May 27, 2020 / 8:34 PM / a month ago

CANADA FX DEBT-Loonie advances to 2-1/2-month high as risk appetite climbs

 (Adds dealer quotes and currency details; updates prices)
    * Canadian dollar rises 0.2% against the greenback
    * Loonie touches its strongest since March 12 at 1.3727
    * Price of U.S. oil decreases 4.5%
    * Canadian bond yields trade mixed across a flatter curve

    By Fergal Smith
    TORONTO, May 27 (Reuters) - The Canadian dollar strengthened
against the greenback on Wednesday to its highest level in about
two-and-a-half months as rising risk appetite helped to offset a
pullback in oil prices.    
    Shares on Wall Street rose as hopes that the global economy
would recover from the coronavirus crisis overshadowed worries
of tensions between the United States and China.             
    Canada runs a current account deficit so the loonie tends to
benefit from an improved outlook for the global flow of capital.
    "There's a bit more of a general risk-on tone," said Scott
Lampard, head of global markets at HSBC Bank Canada. "I think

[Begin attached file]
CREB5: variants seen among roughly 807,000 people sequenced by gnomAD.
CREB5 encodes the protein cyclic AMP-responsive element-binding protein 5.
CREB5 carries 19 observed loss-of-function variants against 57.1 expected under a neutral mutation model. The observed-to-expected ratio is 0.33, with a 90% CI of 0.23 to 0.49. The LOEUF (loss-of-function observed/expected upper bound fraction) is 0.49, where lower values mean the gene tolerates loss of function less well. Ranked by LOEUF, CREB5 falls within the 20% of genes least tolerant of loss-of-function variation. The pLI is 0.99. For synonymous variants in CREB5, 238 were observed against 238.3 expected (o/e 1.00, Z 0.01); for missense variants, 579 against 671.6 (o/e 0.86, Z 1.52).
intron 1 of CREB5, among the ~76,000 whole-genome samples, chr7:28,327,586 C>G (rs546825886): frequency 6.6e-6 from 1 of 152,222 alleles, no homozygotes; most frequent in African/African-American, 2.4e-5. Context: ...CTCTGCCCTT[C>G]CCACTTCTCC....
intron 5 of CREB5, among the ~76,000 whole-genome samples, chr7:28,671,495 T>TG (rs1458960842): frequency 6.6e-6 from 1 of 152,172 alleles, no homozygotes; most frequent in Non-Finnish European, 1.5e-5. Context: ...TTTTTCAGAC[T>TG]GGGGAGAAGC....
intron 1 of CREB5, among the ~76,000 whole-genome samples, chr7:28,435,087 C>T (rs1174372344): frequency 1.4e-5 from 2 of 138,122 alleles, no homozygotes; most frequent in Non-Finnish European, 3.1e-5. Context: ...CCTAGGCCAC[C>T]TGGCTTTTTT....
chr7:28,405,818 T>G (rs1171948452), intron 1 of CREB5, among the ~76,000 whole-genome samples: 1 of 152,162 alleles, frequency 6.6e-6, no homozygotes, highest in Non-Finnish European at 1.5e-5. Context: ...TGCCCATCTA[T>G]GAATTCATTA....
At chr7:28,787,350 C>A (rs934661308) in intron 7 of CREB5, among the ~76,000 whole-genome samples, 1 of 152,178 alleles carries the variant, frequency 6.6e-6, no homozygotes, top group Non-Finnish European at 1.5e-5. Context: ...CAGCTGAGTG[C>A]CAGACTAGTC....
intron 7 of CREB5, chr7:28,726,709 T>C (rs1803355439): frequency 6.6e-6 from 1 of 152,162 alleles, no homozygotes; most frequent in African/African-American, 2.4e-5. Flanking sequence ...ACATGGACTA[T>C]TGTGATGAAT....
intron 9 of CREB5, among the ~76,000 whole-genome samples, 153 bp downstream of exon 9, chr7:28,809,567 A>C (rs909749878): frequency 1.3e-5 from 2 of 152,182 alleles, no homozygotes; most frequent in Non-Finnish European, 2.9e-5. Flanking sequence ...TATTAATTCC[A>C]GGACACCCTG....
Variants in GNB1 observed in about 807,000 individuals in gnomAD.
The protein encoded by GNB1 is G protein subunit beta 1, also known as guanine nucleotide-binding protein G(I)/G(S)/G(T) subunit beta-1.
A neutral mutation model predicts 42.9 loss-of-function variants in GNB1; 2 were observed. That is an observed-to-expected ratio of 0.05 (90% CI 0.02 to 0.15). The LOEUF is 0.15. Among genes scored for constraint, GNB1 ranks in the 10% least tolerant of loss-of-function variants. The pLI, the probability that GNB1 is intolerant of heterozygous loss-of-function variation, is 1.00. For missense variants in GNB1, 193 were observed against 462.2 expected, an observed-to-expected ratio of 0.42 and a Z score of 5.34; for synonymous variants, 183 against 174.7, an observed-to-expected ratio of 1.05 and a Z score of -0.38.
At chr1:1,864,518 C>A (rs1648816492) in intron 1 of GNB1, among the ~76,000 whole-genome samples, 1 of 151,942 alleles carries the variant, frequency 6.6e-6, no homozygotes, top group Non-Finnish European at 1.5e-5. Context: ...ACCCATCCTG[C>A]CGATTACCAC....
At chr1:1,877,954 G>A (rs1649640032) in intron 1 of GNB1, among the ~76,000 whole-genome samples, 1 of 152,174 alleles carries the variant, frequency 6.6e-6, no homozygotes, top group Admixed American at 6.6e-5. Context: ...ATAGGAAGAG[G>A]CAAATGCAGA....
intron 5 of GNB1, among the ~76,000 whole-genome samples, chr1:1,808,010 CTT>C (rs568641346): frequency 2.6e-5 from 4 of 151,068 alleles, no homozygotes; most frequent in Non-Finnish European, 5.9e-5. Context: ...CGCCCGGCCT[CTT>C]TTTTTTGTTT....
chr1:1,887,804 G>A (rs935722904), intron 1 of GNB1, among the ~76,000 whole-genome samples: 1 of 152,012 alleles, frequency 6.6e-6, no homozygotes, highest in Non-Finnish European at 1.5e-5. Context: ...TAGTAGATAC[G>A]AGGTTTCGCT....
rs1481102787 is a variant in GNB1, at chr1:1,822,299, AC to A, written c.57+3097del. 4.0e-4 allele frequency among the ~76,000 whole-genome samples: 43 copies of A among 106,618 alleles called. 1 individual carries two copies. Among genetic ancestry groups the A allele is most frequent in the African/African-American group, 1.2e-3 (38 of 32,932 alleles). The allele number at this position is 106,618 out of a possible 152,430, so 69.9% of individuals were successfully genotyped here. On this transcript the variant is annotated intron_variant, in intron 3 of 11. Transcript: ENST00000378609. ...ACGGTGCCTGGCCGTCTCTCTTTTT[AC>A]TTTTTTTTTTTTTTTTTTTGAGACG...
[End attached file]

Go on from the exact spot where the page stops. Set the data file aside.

there is a bit of a distorted effect in risk assets as a result
of a huge amount of liquidity that is surging through markets."
    The Bank of Canada along with other major central banks has
slashed interest rates and is engaged in a large-scale
bond-buying program.
    The Canadian dollar        was up 0.2% at 1.3755 to the
greenback, or 72.70 U.S. cents. The currency touched its
strongest intraday level since March 12 at 1.3727.
    U.S. crude oil futures        settled 4.5% lower at $32.81 a
barrel, pressured by U.S.-China tensions. Still, oil has
rebounded from extreme low levels in April.
    The currency market is seeing less "fiscal strain" for
Canada now that oil has rebounded, Lampard said.    
    Canada's immigration minister expects the flow of people
coming to live and work in the country to be a driver of
economic growth following the coronavirus crisis, but economists
say there may be fewer jobs waiting for them.             
    Canadian housing starts will likely see a decline of 51% to
75% in 2020 from pre-COVID-19 levels, the national housing
agency said.             
    Canadian government bond yields were mixed across a flatter
curve on Wednesday, with the 2-year            up 1.3 basis
points at 0.321%.

 (Reporting by Fergal Smith; Editing by Steve Orlofsky and Grant
McCool)
  
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